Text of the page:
Around these parts, things started to get a bit more cloudy, wet, and windy:


And…some snow was thrown in for good measure:


About an hour after we left the shack, we finally hit the top of the mountain.  Though, with the winds and rains howling – we certainly didn’t stay long.  Here’s proof of the top though:


We were both pretty hungry by then, and found a little couple yard section that was sheltered from the wind by some rocks.  In that section we enjoyed yet another peanut butter and jelly sandwich.  I can’t really keep track of how many of these we’ve had this trip – but we’re on our second loaf of bread.  It’s a little concerning.


After we got to the top we quickly retreated back down.  In pretty good time in fact.  There may have been some solid trail running the last few miles.  In fact, this route is used as part of a 60KM trail run race each year (in December).  All in it took us about 6hr and 15m including about an hour of stoppage time for pics/food/etc… With the total mileage being 14.3ish miles.  I think it was a bit longer than that though, since I think this cut a few corners deep in the trees compared to a Garmin unit The Girl was carrying (which was showing about .3-.5 longer, before it ran out of juice).


And finally… the (warm, sandy) beach, and boat back home:


More sheep, wanderings around Wanaka:

Last but not least, a collection of photos from today, as we wandered around the Wanaka area, mostly just exploring a 35km dirt road out to the middle of nowhere (apparently where they filmed Lord of The Rings, but I actually haven’t seen that yet).


I continue to find it interesting that they farm deer here.  Nothing wrong with that at all (Venison!), just one of those things I’m not used to seeing.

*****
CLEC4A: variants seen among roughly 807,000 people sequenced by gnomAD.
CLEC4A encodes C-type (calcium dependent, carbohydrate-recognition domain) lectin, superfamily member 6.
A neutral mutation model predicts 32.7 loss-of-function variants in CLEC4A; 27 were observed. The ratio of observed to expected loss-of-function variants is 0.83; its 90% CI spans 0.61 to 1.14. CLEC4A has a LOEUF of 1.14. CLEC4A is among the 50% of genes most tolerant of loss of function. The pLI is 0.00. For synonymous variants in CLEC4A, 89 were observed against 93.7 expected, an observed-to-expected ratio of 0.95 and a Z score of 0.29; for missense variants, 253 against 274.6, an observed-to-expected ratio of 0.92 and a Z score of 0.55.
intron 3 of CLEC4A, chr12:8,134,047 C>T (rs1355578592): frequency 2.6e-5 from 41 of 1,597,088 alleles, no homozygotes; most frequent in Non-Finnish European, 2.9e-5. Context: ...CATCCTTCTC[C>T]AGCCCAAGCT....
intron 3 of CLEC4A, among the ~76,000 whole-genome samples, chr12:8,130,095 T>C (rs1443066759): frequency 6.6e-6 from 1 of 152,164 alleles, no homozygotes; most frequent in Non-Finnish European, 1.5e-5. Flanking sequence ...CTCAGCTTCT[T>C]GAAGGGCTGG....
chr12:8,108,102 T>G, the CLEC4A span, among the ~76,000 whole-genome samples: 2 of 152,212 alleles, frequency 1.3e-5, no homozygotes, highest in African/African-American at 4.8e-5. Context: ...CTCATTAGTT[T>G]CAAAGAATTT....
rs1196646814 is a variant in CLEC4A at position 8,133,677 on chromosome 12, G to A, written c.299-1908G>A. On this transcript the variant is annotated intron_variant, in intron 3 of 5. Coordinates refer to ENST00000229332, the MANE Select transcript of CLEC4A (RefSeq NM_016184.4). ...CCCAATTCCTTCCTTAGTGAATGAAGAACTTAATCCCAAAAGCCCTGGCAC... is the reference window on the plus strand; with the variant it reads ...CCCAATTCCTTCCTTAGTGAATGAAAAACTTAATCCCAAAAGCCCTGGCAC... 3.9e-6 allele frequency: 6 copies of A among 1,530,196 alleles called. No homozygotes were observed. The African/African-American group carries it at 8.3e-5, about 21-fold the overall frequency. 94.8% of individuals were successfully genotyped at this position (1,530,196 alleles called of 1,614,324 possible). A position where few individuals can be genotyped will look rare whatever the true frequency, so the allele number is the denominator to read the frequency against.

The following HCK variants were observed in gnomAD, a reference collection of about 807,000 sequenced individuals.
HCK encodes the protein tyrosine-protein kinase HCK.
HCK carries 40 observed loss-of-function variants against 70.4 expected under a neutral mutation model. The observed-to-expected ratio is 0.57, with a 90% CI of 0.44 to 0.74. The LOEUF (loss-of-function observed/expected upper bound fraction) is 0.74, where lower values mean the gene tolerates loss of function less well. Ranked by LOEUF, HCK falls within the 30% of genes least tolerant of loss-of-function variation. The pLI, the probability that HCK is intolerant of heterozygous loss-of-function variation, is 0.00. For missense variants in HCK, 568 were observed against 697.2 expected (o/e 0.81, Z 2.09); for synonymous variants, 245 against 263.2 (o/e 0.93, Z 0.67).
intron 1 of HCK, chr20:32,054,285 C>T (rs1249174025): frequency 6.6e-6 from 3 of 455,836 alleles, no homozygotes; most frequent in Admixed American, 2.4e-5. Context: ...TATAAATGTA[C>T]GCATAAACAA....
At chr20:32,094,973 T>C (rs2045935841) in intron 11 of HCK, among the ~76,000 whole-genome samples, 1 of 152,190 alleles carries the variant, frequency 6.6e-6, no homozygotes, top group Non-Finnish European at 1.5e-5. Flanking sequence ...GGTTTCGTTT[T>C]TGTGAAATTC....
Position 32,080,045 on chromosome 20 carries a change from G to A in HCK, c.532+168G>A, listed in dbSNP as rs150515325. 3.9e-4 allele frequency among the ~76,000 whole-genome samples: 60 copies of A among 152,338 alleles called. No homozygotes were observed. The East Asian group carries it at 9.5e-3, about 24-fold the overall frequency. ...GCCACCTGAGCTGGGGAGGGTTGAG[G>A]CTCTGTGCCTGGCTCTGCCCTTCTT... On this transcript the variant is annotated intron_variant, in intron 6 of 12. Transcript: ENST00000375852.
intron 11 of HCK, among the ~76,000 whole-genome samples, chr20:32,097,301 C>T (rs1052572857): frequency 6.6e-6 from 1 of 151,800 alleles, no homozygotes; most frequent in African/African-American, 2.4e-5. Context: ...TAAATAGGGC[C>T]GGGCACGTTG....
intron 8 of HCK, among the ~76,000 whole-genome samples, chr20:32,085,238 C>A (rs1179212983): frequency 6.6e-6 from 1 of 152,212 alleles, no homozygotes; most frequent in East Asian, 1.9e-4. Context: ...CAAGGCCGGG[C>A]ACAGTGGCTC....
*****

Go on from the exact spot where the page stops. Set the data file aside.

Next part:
Also not at all used to seeing this many sheep:


The road twisted and turned through the farmland – so cows, sheep and everything else routinely wandered across the road.  This cow as just chillin’ by the side of the road:


And finally…

Dear Avis – I can’t yet at this stage apologize for (all) the things your trusty little car has pushed through/over/under/around…mostly because I still have two more days left, both of which involve canyons.  But I can say that I haven’t hit any sheep, cows or goats…yet.  Which, given everything – you should be happy with.  And on the bright side, the car is looking pretty clean after today…



Thanks for reading all, and hope your enjoying some of the travel posts!  I’ll keep mixing in regular sport stuff, but since this blog has always been about my little corner of the world, and this happens to be what’s going on in my world…it’s what I end up posting about.

And fear not, I still have more to come.  Aside from the aforementioned days in New Zealand, we’ll actually be celebrating New Years day twice…both as one of the first, and last, places on earth.  Crazy!  Any guesses where?

Have a great weekend!

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  1. Beautiful Pictures!


  2. Melvin

    You guys are heading over to Samoa next?

    Any prizes? =P

  3. Your as good a travel writer as you are a tri/gear writer! Trip looks awesome.

  4. Hey Ray,

    I’m loving your NZ reports. I used to live there so it’s great to see some of your photos.

    Btw – the bird you have a pic of is a Kea, the world’s only alpine parrot. Ask some locals to tell you some stories about the kea – they are very smart ( and mischievous!) birds.

  5. I saw you in Wanaka yesterday (Friday Dec 30) walking around town but I was too shy to yell “Hi!” to you too. Hope you’re enjoying what Wanaka has to offer, only the best place in the world!!! :)

  6. nice. 6:15 out of your MotoACTIVE. good thing they updated the firmware!

  7. You’ve been living in the Mid Atlantic too long! Seattle is further north (47N) than Queenstown is south (45S), so days in late July in Seattle should be as long or longer than late December days around Queenstown.